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NAIA 2 Arrival Sunduan

I took some photos of the NAIA Terminal 2 arrival area while waiting for my in-laws to arrive from Singapore via Philippine Airlines. Terminal 2, which is also called the Centennial Terminal after opening in 1998, the 100th year of Philippines’ Independence, is exclusively used by Philippine Airlines for both its domestic and international operations. The North Wing serves international passengers while the South Wing serves domestic passengers.

Gate and fence separating the tarmac from the VIP parking area just behind the cafe at the international wing of NAIA Terminal 2 – I was actually taking a photo of the windblown coconut trees and the dark clouds generated by a slow-moving typhoon Gener.

VIP parking area at the NAIA T2 that is near the gate access to the tarmac. The building in the background is what used to be the Philippine Village Hotel. The building has been unoccupied for many years now and is up for demolition and re-development along with the old Nayong Filipino theme park.

Stairs to the departure level of NAIA-T2 with the control tower in the background

Cafe just outside the arrival level – I usually have a snack or tea at this cafe if I have time before the plane arrives

The waiting area has benches for people waiting for their relatives or friends

Small screen showing information on aircraft arrivals just above the public phones

7Coffee shop and screens at the arrival area. This is the only shop in the area as the other concessionaire closed up months ago.

The screens show passengers arriving at the baggage claim area inside the airport and as they exit from the customs checkpoints.

People could see passengers lining up at the immigration counters from the waiting area outside the terminal

Spacious arrival concourse exclusive to passengers (well-wishers are not allowed here). The yellow sign indicates the small duty-free shop near the exit from the terminal building.

Passengers transferring to the departure level can take the escalator shown in the photo. The escalator, however, seems to be always under maintenance and unavailable. There is another on the other end of the International Wing of the terminal.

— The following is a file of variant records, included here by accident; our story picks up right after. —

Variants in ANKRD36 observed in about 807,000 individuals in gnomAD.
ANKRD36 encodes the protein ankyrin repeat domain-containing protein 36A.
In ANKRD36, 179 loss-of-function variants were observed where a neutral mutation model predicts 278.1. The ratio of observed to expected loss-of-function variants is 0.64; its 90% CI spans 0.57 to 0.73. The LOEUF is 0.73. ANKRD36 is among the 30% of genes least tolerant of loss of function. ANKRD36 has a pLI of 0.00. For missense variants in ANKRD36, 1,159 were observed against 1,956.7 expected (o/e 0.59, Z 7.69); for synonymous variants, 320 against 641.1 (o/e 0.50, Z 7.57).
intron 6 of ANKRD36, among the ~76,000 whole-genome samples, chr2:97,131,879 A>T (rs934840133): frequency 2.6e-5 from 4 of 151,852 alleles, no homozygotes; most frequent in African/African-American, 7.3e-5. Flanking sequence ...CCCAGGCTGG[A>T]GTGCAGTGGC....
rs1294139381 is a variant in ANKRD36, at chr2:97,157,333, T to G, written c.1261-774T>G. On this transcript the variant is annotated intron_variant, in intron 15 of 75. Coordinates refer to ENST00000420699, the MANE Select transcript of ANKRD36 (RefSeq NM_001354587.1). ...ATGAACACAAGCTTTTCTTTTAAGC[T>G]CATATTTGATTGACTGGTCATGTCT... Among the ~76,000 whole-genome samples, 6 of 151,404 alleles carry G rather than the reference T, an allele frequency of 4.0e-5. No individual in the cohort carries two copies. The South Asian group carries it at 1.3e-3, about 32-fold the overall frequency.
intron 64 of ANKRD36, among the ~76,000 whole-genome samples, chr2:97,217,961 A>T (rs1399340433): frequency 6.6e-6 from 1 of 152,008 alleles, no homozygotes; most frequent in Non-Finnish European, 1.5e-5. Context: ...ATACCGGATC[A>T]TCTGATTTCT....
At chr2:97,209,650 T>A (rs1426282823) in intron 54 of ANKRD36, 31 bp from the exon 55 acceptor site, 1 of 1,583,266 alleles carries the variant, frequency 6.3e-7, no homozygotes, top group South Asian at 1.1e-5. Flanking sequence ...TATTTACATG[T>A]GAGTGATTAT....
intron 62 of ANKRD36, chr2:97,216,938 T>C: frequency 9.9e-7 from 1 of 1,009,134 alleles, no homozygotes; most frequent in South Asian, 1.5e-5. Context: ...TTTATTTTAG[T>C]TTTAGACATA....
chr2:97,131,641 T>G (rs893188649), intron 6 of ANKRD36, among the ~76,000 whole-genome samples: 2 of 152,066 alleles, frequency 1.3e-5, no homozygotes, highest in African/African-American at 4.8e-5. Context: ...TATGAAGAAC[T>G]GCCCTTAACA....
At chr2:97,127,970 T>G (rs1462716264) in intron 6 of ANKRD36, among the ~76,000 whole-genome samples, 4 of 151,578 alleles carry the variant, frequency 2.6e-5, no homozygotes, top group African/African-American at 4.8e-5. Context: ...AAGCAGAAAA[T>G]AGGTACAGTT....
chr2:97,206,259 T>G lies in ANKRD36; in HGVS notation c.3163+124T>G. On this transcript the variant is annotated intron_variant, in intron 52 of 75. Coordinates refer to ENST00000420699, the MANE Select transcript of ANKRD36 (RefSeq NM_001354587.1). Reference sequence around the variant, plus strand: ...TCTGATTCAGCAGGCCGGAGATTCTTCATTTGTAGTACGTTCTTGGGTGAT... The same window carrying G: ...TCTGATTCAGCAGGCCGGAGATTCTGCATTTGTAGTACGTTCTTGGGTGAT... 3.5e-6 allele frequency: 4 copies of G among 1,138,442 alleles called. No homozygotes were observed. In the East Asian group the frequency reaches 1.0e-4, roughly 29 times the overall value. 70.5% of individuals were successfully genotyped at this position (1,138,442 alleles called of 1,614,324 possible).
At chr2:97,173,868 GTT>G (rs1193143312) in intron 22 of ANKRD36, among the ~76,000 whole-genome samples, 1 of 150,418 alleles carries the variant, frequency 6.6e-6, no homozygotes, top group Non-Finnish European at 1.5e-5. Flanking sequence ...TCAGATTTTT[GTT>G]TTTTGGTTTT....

Early morning at NAIA Terminal 2

Taking the 5:30 AM flight to Roxas City, we had to be at the airport at least an hour before the ETD. We decided to come earlier in order to be able to get good seats. We were taking Philippine Airlines and the airline didn’t have an online check-in facility (!) so we decided to be there 90 minutes prior to the ETD. That meant leaving our homes around 3:00 PM to make it to the airport by 4:00 AM despite the fact that traffic is usually free flowing at those hours.

Check-in: There were few passengers at the airport despite the many early morning flights. Perhaps the fact that Terminal 2 has separate wings for domestic and international passengers also partly explain this, aside from the fact that fewer people are taking PAL. We noticed during check-in that the ground staff seemed slower than before. The staff in red uniform are supposed to be relatively new as PAL decided to outsource many of its services to cut costs.

Departure lounge: The departure area is not at all crowded and you can choose wherever you want to sit while waiting for your flight to be called. Even the cafes were not crowded and we easily got a table where we could drink our coffee while waiting for the boarding call.

Boarding gates: The gates at NAIA’s Terminal 2 look like this with a counter in front of the gate. Only staff are supposed to be behind the counter considering security implications and issues. This wasn’t the case when I was at the same airport for a US flight last year. The ground staff who were apparently newbies along with the security people paid no attention to one foreigner charging his phone behind the counter and talking it up with staff about what’s on their computer screen!

Concessionaires: There are many concessionaires inside the departure area of T2 and fortunately they open early for passengers wanting to have a quick bite or drink before their flights. Some passengers may also have to purchase last minute pasalubong and among the popular items are cakes and pastries from either Goldilocks or Red Ribbon. Terminal 3 is much better though as there are many restaurants and shops in the terminal where passengers and well-wishers can have their meals.

Neat and clean: Terminal 2 is not as big and neat as Terminal 3, which serves the Cebu Pacific, AirPhil Express, PAL Express and ANA flights (T2 only serves PAL). Nevertheless, I think the facilities are much better than Terminal 1 and that includes the toilets. It would seem to me that the floors are good enough for one to sit or even lie on while waiting for your boarding call. I wouldn’t recommend it though.

The Centennial Terminal, as T2 is also called, is supposed to remain as PAL’s terminal even after Terminal 3 would have been fully operational. One plan called for all international flights to be serviced from T3 while all domestic flights, except those of PAL, will be at T1. Hopefully, these re-assignment of services will be done after T1 is renovated. So far, I haven’t got news about the proposed renovation including whether this will push through at all. Manila definitely needs good airport terminals if only to make a good first impression on visitors. Airports, after all, are gateways and provide visitors with a preview of what a country can offer.